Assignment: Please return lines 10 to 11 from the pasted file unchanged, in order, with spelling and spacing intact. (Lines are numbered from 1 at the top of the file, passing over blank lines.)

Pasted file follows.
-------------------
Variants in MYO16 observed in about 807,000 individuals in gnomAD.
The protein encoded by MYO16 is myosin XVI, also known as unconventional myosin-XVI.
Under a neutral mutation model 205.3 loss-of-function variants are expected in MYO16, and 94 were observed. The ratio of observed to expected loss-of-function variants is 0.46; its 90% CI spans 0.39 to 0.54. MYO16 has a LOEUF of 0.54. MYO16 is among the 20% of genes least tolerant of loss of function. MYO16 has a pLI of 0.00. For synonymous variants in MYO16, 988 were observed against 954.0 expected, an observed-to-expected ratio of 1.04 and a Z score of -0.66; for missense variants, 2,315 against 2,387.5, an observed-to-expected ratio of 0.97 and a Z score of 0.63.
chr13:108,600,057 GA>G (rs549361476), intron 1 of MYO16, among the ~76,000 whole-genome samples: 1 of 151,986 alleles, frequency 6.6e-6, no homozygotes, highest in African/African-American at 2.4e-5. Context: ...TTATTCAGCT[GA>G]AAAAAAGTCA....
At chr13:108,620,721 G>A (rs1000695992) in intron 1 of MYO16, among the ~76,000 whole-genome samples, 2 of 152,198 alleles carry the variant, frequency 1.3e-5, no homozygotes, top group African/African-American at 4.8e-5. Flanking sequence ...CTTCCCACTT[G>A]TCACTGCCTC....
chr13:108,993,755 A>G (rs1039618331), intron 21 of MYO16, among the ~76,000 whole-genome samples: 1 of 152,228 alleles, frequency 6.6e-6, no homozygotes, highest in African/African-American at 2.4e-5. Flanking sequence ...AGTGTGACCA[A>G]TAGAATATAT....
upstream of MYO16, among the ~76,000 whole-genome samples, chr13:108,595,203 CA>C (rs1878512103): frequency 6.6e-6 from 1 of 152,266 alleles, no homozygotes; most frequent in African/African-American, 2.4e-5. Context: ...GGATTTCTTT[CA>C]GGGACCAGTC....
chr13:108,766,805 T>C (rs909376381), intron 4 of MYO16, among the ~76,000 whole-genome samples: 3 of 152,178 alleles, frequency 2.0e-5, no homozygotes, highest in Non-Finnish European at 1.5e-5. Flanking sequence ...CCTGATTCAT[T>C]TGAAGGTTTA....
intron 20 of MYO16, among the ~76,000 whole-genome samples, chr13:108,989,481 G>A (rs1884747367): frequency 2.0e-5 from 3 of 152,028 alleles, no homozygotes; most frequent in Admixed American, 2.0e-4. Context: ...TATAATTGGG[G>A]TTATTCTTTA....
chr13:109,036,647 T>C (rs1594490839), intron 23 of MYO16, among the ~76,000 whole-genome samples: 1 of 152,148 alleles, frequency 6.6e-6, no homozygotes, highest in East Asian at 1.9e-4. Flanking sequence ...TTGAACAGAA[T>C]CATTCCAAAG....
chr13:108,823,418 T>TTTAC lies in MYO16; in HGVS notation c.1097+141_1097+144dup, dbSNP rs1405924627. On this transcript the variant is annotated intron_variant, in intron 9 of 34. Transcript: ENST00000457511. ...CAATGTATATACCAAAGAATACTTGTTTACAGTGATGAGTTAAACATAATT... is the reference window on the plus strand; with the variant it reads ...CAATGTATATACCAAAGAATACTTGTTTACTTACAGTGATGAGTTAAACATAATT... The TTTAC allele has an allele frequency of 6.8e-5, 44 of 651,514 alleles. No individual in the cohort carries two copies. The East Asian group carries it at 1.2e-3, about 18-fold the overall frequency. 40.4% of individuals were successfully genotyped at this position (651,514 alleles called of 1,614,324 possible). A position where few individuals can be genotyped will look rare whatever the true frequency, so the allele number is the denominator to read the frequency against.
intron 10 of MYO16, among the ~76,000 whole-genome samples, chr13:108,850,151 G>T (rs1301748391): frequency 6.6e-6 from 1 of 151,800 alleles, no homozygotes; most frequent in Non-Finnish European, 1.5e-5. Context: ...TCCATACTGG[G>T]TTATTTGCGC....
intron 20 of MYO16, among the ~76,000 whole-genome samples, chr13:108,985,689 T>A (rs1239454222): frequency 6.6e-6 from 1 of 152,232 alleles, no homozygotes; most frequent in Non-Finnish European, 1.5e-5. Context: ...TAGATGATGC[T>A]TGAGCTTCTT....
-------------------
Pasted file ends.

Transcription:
chr13:109,036,647 T>C (rs1594490839), intron 23 of MYO16, among the ~76,000 whole-genome samples: 1 of 152,148 alleles, frequency 6.6e-6, no homozygotes, highest in East Asian at 1.9e-4. Flanking sequence ...TTGAACAGAA[T>C]CATTCCAAAG....
chr13:108,823,418 T>TTTAC lies in MYO16; in HGVS notation c.1097+141_1097+144dup, dbSNP rs1405924627. On this transcript the variant is annotated intron_variant, in intron 9 of 34. Transcript: ENST00000457511. ...CAATGTATATACCAAAGAATACTTGTTTACAGTGATGAGTTAAACATAATT... is the reference window on the plus strand; with the variant it reads ...CAATGTATATACCAAAGAATACTTGTTTACTTACAGTGATGAGTTAAACATAATT... The TTTAC allele has an allele frequency of 6.8e-5, 44 of 651,514 alleles. No individual in the cohort carries two copies. The East Asian group carries it at 1.2e-3, about 18-fold the overall frequency. 40.4% of individuals were successfully genotyped at this position (651,514 alleles called of 1,614,324 possible). A position where few individuals can be genotyped will look rare whatever the true frequency, so the allele number is the denominator to read the frequency against.